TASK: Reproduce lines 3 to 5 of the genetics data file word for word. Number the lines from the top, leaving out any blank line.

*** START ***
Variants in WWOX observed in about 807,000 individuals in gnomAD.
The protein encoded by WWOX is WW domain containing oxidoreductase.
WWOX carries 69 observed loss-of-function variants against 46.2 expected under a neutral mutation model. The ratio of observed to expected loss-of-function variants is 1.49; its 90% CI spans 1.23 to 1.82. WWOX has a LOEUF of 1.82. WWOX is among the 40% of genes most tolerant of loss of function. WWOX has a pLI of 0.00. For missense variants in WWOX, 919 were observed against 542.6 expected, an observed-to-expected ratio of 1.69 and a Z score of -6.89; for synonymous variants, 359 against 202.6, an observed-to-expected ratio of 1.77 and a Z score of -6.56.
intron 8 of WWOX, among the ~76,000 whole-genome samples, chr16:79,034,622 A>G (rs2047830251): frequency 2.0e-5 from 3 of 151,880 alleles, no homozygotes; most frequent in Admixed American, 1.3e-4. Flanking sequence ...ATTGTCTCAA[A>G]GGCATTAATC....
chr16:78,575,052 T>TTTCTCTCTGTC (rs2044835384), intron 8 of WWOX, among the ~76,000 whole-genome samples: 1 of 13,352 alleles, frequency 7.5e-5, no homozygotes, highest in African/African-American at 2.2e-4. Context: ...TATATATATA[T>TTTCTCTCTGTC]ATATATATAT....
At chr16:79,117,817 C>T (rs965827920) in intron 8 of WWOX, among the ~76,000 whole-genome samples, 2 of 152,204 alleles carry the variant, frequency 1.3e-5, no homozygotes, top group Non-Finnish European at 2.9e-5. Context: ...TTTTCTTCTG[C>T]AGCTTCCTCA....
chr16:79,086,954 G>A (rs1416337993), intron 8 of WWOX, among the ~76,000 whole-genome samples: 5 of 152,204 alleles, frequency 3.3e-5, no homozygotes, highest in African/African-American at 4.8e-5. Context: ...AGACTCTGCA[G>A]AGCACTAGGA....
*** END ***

WWOX carries 69 observed loss-of-function variants against 46.2 expected under a neutral mutation model. The ratio of observed to expected loss-of-function variants is 1.49; its 90% CI spans 1.23 to 1.82. WWOX has a LOEUF of 1.82. WWOX is among the 40% of genes most tolerant of loss of function. WWOX has a pLI of 0.00. For missense variants in WWOX, 919 were observed against 542.6 expected, an observed-to-expected ratio of 1.69 and a Z score of -6.89; for synonymous variants, 359 against 202.6, an observed-to-expected ratio of 1.77 and a Z score of -6.56.
intron 8 of WWOX, among the ~76,000 whole-genome samples, chr16:79,034,622 A>G (rs2047830251): frequency 2.0e-5 from 3 of 151,880 alleles, no homozygotes; most frequent in Admixed American, 1.3e-4. Flanking sequence ...ATTGTCTCAA[A>G]GGCATTAATC....
chr16:78,575,052 T>TTTCTCTCTGTC (rs2044835384), intron 8 of WWOX, among the ~76,000 whole-genome samples: 1 of 13,352 alleles, frequency 7.5e-5, no homozygotes, highest in African/African-American at 2.2e-4. Context: ...TATATATATA[T>TTTCTCTCTGTC]ATATATATAT....